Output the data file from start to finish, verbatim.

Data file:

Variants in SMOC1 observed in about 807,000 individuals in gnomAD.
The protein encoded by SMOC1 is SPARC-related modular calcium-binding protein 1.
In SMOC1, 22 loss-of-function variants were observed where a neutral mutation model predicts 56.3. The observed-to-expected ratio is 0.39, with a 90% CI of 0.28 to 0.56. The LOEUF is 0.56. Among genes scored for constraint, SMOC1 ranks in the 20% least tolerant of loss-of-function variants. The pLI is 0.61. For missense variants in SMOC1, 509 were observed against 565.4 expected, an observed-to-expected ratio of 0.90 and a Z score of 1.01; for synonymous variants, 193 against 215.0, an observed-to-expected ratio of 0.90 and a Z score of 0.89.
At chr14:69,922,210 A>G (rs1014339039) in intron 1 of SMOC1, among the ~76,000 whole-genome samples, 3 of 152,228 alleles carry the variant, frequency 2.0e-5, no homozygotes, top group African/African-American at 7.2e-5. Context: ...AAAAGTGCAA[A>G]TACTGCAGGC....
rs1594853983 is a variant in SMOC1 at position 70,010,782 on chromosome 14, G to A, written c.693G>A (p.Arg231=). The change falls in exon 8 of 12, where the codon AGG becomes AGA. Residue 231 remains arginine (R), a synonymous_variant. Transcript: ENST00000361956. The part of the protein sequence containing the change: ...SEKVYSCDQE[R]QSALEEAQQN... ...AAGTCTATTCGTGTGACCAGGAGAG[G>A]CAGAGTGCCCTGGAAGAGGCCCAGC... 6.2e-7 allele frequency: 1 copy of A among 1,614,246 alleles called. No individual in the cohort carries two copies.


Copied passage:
Variants in SMOC1 observed in about 807,000 individuals in gnomAD.
The protein encoded by SMOC1 is SPARC-related modular calcium-binding protein 1.
In SMOC1, 22 loss-of-function variants were observed where a neutral mutation model predicts 56.3. The observed-to-expected ratio is 0.39, with a 90% CI of 0.28 to 0.56. The LOEUF is 0.56. Among genes scored for constraint, SMOC1 ranks in the 20% least tolerant of loss-of-function variants. The pLI is 0.61. For missense variants in SMOC1, 509 were observed against 565.4 expected, an observed-to-expected ratio of 0.90 and a Z score of 1.01; for synonymous variants, 193 against 215.0, an observed-to-expected ratio of 0.90 and a Z score of 0.89.
At chr14:69,922,210 A>G (rs1014339039) in intron 1 of SMOC1, among the ~76,000 whole-genome samples, 3 of 152,228 alleles carry the variant, frequency 2.0e-5, no homozygotes, top group African/African-American at 7.2e-5. Context: ...AAAAGTGCAA[A>G]TACTGCAGGC....
rs1594853983 is a variant in SMOC1 at position 70,010,782 on chromosome 14, G to A, written c.693G>A (p.Arg231=). The change falls in exon 8 of 12, where the codon AGG becomes AGA. Residue 231 remains arginine (R), a synonymous_variant. Transcript: ENST00000361956. The part of the protein sequence containing the change: ...SEKVYSCDQE[R]QSALEEAQQN... ...AAGTCTATTCGTGTGACCAGGAGAG[G>A]CAGAGTGCCCTGGAAGAGGCCCAGC... 6.2e-7 allele frequency: 1 copy of A among 1,614,246 alleles called. No individual in the cohort carries two copies.